Four Years of Natural History of HIV-1 Infection in African Women: A Prospective Cohort Study in Kigali (Rwanda), 1988–1993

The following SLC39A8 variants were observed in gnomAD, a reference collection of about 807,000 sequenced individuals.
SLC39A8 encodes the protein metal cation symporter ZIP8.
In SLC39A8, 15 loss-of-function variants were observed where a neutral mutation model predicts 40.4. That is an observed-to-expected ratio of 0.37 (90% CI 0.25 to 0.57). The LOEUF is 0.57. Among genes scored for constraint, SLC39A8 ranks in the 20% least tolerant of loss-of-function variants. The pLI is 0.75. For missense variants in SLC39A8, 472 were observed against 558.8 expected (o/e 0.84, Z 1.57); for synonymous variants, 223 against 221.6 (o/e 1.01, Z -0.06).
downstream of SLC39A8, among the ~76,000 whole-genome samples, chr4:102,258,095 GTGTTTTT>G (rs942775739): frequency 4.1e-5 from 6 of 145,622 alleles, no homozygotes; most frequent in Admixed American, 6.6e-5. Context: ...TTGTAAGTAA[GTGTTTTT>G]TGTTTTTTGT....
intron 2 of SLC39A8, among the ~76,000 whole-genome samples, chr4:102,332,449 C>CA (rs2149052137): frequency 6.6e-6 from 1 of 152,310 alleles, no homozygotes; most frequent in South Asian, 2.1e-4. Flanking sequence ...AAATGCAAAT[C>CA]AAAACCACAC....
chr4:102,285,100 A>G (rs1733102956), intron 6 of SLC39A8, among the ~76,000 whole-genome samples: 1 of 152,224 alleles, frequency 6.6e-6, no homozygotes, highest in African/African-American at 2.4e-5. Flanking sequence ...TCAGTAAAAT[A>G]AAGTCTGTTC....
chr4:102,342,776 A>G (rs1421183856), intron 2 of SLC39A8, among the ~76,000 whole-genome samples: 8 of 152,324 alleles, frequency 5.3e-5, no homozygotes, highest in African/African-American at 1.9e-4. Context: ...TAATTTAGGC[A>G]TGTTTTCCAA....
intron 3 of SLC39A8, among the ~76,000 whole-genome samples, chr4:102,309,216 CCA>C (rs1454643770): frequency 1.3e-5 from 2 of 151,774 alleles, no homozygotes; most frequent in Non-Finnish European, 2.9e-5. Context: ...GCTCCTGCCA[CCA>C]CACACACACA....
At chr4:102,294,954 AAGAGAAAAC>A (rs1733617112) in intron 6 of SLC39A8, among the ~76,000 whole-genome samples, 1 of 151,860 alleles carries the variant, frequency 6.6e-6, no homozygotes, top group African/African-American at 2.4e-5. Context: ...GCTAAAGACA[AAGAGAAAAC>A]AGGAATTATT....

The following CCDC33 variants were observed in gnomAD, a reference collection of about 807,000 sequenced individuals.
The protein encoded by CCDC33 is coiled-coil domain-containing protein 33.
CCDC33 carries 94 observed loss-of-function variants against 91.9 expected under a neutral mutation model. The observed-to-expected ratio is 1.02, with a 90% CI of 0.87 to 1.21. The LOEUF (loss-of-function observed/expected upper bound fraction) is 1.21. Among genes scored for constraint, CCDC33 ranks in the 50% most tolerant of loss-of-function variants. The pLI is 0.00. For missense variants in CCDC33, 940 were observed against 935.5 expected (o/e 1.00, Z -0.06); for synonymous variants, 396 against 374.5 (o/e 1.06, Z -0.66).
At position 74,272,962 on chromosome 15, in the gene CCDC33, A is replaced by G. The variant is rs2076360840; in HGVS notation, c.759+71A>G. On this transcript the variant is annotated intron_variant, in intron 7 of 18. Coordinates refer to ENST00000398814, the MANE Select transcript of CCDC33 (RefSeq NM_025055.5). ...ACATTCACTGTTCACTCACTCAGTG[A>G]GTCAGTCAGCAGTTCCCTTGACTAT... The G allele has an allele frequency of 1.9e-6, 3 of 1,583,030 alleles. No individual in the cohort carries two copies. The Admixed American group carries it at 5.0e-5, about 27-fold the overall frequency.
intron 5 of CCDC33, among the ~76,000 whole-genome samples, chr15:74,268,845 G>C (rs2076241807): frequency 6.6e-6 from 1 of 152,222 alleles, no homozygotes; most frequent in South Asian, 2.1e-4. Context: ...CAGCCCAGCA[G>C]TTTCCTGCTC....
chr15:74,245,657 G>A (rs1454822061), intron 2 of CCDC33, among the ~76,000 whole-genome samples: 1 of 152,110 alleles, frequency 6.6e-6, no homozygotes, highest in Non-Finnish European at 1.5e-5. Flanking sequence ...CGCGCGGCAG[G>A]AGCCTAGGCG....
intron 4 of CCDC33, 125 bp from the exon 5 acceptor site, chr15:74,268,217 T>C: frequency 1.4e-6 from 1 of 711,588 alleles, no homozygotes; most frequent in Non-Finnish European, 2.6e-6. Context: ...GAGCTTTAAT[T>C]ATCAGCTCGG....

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SummaryClinical features and mortality due to human immunodeficiency virus type-1 (HIV-1) infection in women are described as part of a prospective 4-year cohort study on perinatal transmission of HIV in Kigali, Rwanda. Two hundred fifteen HIV-seropositive (HIV+) and 216 HIV-seronegative (HIV-) pregnant women were enrolled at delivery between November 1988 and June 1989. Clinical information collected during systematic quarterly examinations was compared. HIV antibody tests were performed at delivery and CD4/CD8 lymphocyte counts at 15 days' postpartum. HIV- women who seroconverted during the follow-up period were excluded from the analysis of the comparison group starting at the date of seroconversion. At enrollment, all HIV+ women were asymptomatic for acquired immune deficiency syndrome (AIDS). Incidence of tuberculosis was 2.9 per 100 women-years (WY) after 4 years of follow-up in HIV+ women versus 0.2 per 100 WY among HIV- women (relative risk, 18.2; 95% confidence interval 2.4–137.0). Among HIV+ women, the incidence of AIDS (World Health Organization clinical AIDS definition) was 3.5 per 100 WY. The mortality rate was 4.4 per 100 WY among HIV + women versus 0.5 per 100 WY among HIV- women. Clinical AIDS was present in only half of the fatalities. Tuberculosis was a major cause of morbidity and mortality in these HIV + African women. An early diagnosis and an appropriate treatment or prevention of tuberculosis should improve the quality of life of HIV-infected patients in Africa.

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